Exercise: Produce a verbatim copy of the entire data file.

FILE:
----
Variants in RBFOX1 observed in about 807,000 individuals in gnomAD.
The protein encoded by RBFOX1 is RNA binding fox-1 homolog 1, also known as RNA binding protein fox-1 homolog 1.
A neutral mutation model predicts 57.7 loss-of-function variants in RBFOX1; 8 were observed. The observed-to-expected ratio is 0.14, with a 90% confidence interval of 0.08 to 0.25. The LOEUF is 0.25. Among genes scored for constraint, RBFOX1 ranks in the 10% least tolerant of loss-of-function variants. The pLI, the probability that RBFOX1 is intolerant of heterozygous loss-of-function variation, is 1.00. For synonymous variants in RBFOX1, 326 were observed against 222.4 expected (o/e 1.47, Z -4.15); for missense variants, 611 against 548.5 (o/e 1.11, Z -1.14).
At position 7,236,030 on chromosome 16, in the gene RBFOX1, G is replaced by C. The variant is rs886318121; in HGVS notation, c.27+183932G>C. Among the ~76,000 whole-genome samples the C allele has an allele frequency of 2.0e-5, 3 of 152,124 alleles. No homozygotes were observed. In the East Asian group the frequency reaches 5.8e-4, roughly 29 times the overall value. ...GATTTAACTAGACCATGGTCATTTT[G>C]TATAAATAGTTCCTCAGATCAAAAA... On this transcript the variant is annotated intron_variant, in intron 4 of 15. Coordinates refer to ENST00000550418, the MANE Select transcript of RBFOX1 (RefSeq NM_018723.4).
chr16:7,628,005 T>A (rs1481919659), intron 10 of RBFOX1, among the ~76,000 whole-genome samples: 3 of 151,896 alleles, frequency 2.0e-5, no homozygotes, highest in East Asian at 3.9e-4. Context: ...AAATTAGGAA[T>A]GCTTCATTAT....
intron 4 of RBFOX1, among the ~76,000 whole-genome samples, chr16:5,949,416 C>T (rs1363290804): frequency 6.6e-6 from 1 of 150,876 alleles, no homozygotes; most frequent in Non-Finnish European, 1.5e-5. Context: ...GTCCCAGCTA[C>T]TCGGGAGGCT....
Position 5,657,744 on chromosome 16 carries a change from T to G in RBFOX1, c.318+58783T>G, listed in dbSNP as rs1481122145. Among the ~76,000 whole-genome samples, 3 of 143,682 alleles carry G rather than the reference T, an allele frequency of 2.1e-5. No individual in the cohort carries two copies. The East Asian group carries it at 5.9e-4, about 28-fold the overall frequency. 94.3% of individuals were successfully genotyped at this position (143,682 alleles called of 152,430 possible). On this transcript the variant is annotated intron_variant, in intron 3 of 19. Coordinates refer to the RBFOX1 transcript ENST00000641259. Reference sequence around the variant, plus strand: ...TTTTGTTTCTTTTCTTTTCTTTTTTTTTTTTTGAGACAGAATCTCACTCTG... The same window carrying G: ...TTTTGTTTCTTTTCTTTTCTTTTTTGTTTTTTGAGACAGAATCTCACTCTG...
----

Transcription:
Variants in RBFOX1 observed in about 807,000 individuals in gnomAD.
The protein encoded by RBFOX1 is RNA binding fox-1 homolog 1, also known as RNA binding protein fox-1 homolog 1.
A neutral mutation model predicts 57.7 loss-of-function variants in RBFOX1; 8 were observed. The observed-to-expected ratio is 0.14, with a 90% confidence interval of 0.08 to 0.25. The LOEUF is 0.25. Among genes scored for constraint, RBFOX1 ranks in the 10% least tolerant of loss-of-function variants. The pLI, the probability that RBFOX1 is intolerant of heterozygous loss-of-function variation, is 1.00. For synonymous variants in RBFOX1, 326 were observed against 222.4 expected (o/e 1.47, Z -4.15); for missense variants, 611 against 548.5 (o/e 1.11, Z -1.14).
At position 7,236,030 on chromosome 16, in the gene RBFOX1, G is replaced by C. The variant is rs886318121; in HGVS notation, c.27+183932G>C. Among the ~76,000 whole-genome samples the C allele has an allele frequency of 2.0e-5, 3 of 152,124 alleles. No homozygotes were observed. In the East Asian group the frequency reaches 5.8e-4, roughly 29 times the overall value. ...GATTTAACTAGACCATGGTCATTTT[G>C]TATAAATAGTTCCTCAGATCAAAAA... On this transcript the variant is annotated intron_variant, in intron 4 of 15. Coordinates refer to ENST00000550418, the MANE Select transcript of RBFOX1 (RefSeq NM_018723.4).
chr16:7,628,005 T>A (rs1481919659), intron 10 of RBFOX1, among the ~76,000 whole-genome samples: 3 of 151,896 alleles, frequency 2.0e-5, no homozygotes, highest in East Asian at 3.9e-4. Context: ...AAATTAGGAA[T>A]GCTTCATTAT....
intron 4 of RBFOX1, among the ~76,000 whole-genome samples, chr16:5,949,416 C>T (rs1363290804): frequency 6.6e-6 from 1 of 150,876 alleles, no homozygotes; most frequent in Non-Finnish European, 1.5e-5. Context: ...GTCCCAGCTA[C>T]TCGGGAGGCT....
Position 5,657,744 on chromosome 16 carries a change from T to G in RBFOX1, c.318+58783T>G, listed in dbSNP as rs1481122145. Among the ~76,000 whole-genome samples, 3 of 143,682 alleles carry G rather than the reference T, an allele frequency of 2.1e-5. No individual in the cohort carries two copies. The East Asian group carries it at 5.9e-4, about 28-fold the overall frequency. 94.3% of individuals were successfully genotyped at this position (143,682 alleles called of 152,430 possible). On this transcript the variant is annotated intron_variant, in intron 3 of 19. Coordinates refer to the RBFOX1 transcript ENST00000641259. Reference sequence around the variant, plus strand: ...TTTTGTTTCTTTTCTTTTCTTTTTTTTTTTTTGAGACAGAATCTCACTCTG... The same window carrying G: ...TTTTGTTTCTTTTCTTTTCTTTTTTGTTTTTTGAGACAGAATCTCACTCTG...